As the first major airshow of 2021, Russia’s MAKS has filled the void left by the cancellation of the Paris Air Show this year. As the event presses on, the orders keep ticking up. Hot on the heels of the Azimuth order for the A220 yesterday, Rostec has revealed today that it has sold 58 Superjet 100s to four Russian airlines.
‘Russifying’ the domestic fleet
With 58 SSJs sold this week to Russian airlines, there is a clear shift taking place in the strategy of Russia’s domestic airlines. The Superjet was developed to replace aging aircraft from the Yakovlev and Tupolev fleets, and is starting to gain some traction in bringing Russian aviation back home.
In 2007, following several incidents involving Russian-built aircraft, the then Transport Minister Igor Letvin called for Russian airlines to move away from the old Soviet models. As a result, airlines began buying from western manufacturers, but now that’s set to change.
Rostec’s director for international cooperation and regional policy, Viktor Kladov, told Simple Flying at the show that the goal is for all Russian domestic operations to be undertaken by Russian-built aircraft by the end of the decade. Although there are some outstanding orders for western-built aircraft in the pipeline, Kladov says these are for different missions, and that the national operations will be domesticated by 2030.
15 more SSJs and all of the Aeroflot fleet for Rossiya
The first airline is one of Russia’s oldest carriers, Rossiya Airlines. It has signed an agreement at the airshow to purchase 15 additional SSJ100s for its fleet. The airline currently has 34 Superjets in its stable, but is set to get a whole lot more, not just the 15 it ordered this week.
As well as the 15 new jets coming from UAC, the airline will take the entire fleet of its parent company Aeroflot. In total, 84 jets will be transferred to Rossiya, giving it a huge final fleet of 149 SSJs. This includes previous orders, as well as its existing fleet and the new fleet ordered at MAKS and transferred from Aeroflot.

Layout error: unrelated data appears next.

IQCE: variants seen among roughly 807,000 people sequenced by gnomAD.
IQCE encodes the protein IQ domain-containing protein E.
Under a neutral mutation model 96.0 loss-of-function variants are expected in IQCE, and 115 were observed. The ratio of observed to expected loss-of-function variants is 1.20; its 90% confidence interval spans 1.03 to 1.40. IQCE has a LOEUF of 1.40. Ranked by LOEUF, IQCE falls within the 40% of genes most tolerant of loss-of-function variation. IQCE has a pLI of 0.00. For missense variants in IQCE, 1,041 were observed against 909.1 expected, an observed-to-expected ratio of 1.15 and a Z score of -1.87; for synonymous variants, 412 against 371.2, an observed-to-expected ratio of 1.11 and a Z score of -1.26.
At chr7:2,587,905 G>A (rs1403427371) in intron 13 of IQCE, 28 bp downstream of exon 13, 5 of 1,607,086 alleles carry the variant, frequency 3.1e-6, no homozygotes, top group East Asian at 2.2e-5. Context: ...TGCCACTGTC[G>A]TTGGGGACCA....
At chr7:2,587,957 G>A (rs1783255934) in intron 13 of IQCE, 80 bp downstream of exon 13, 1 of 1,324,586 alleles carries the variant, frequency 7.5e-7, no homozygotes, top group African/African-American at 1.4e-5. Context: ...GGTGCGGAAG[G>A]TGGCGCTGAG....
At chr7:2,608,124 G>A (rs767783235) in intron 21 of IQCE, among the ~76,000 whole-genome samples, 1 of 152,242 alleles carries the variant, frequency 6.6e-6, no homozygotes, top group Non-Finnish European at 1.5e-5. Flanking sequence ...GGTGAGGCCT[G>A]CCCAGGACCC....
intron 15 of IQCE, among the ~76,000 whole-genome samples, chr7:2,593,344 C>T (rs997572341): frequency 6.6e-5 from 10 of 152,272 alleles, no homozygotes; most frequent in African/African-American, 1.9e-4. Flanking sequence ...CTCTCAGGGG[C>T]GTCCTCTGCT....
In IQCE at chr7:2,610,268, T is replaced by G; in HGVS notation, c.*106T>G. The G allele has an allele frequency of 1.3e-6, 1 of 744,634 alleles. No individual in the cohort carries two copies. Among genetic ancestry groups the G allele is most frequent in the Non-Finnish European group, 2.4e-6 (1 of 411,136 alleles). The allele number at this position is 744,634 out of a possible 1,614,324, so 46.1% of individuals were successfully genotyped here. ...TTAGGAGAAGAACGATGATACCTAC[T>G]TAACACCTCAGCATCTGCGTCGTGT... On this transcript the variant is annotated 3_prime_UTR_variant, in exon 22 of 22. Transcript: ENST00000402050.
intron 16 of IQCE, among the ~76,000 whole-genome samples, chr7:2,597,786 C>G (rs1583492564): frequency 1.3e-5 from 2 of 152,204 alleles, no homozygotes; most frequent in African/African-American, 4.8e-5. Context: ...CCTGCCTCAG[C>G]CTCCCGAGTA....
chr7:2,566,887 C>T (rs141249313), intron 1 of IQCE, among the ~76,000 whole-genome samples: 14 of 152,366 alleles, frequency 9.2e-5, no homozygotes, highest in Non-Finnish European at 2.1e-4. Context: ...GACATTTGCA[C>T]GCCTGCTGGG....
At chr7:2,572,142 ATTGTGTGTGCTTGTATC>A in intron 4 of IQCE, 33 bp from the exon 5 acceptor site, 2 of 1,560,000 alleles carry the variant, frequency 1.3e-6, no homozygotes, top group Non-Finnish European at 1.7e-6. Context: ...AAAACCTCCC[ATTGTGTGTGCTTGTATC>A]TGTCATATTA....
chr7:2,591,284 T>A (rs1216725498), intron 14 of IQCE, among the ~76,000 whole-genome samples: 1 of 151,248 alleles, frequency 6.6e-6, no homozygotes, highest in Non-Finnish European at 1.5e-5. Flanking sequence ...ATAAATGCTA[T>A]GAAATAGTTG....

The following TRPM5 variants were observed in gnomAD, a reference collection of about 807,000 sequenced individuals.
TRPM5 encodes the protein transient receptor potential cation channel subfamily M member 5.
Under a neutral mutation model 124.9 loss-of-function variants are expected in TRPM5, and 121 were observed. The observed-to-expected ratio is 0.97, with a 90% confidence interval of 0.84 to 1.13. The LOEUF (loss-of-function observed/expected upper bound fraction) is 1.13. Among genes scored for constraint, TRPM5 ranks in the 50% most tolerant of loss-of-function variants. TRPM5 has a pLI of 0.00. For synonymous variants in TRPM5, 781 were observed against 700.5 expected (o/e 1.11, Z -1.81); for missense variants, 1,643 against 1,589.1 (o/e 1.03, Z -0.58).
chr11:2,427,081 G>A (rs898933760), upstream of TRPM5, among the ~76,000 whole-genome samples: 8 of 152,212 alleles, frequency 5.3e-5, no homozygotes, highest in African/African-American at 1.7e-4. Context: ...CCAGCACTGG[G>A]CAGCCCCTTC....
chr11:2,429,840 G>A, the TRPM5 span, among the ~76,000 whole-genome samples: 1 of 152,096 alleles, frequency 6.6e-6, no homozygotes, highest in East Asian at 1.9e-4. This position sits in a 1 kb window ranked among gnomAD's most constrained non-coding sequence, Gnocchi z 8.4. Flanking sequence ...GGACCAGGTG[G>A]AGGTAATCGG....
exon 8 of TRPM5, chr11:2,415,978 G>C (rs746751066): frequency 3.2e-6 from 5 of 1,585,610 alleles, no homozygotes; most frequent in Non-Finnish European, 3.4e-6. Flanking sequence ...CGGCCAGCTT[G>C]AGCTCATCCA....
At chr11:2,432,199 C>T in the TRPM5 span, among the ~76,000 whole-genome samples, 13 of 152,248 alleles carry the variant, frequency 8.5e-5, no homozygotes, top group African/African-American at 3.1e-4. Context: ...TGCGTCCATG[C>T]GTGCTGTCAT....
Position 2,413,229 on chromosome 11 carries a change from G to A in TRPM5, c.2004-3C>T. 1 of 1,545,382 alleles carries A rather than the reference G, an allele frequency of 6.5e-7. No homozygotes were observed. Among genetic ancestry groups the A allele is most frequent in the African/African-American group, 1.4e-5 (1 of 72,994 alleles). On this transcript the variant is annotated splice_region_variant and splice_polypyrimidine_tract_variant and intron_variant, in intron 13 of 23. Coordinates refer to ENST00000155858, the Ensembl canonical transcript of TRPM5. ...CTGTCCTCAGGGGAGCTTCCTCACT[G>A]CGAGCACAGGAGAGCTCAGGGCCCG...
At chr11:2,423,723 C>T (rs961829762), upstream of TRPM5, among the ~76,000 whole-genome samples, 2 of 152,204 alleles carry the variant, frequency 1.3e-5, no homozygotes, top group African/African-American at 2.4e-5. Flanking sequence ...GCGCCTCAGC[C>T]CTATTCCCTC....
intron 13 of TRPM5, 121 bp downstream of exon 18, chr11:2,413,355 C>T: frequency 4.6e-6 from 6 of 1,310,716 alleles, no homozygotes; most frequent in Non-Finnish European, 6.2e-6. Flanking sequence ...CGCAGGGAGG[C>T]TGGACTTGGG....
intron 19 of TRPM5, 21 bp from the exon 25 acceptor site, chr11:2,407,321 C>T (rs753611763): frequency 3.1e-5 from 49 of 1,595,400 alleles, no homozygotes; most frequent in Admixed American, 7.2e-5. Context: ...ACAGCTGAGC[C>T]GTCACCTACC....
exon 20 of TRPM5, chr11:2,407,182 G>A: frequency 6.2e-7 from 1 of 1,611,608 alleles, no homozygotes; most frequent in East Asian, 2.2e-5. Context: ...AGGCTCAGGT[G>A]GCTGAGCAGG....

With this, Rossiya will be far and away the largest operator of the SSJ in the world. The 15 new aircraft ordered are expected to be delivered via lessor PSB Aviaprofleasing by the end of this year.
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More planes for Azimuth
The small regional carrier Azimuth clearly has big plans for expansion, as it has also signed up to receive the Superjet 100 for its fleet. At present, Azimuth has just 14 aircraft in its fleet, all from the SSJ-100 family, with six standard and eight long-range variants.
Yesterday, it ordered up six A220-300s from Airbus, becoming the first Russian airline to operate the type. The airline has grown steadily since it was founded in 2017, and is clearly looking to capitalize on the high demand for its services.
Today, the airline has been revealed to have signed a memorandum of understanding (MOU) for an additional 10 SSJ100s. Deliveries for these will take a little longer, with the order anticipated to be fulfilled by 2026.
Aurora looks to fleet renewal
Far east Russian airline Aurora is looking to the future with fresh impetus, having broken free from the Aeroflot Group at the end of 2020. Since 2013, Aeroflot had owned 51% of Aurora but divested its stake on Christmas day 2020, leaving Aurora to fly solo from here on out.
Based out of Yuzhno-Sakhalinsk, the airline operates nine A319 narrowbodies, as well as 11 various turboprops from the Dash 8 and Twin Otter families. Apart from the Otters, the fleet is getting old, with the A319s averaging over 15 years of age, and some of the Dash 8s well over 25.
The airline has preliminarily agreed to eight SSJ-100s as part of its fleet modernization strategy. These will be delivered between 2022 and 2024. According to state news outlet TASS, the airline is planning to purchase 45 new aircraft by 2025, including Ilyushin Il-114-300, L-410 NG and LMS aircraft ‘Baikal,’ intending to become a completely Russian-made aircraft operator within the next five years.
A big order for Red Wings
Russian leisure airline Red Wings is also looking to ‘Russify’ its fleet, with the biggest order for the SSJ this week. It has signed up for a total of 25 of the UAC planes, to be delivered this year and next. It already leases seven SJ-100s, so its eventual fleet will number 32, putting it in second position for the largest SSJ fleet in the world.
The SSJ order is a clear expansion move from the Moscow headquartered airline. It also has orders in for 16 of the forthcoming MC-21-300s, which will replace its Airbus A320 family aircraft. The airline has 15 planes split between the A320 and A321, which average over 18 years old, according to data from ch-aviation.
It will be interesting to see if Russia achieves its goal of Russifying the entire domestic fleet by 2030. With new planes coming along and the SSJ-100 proving popular, it’s not unbelievable that this will happen.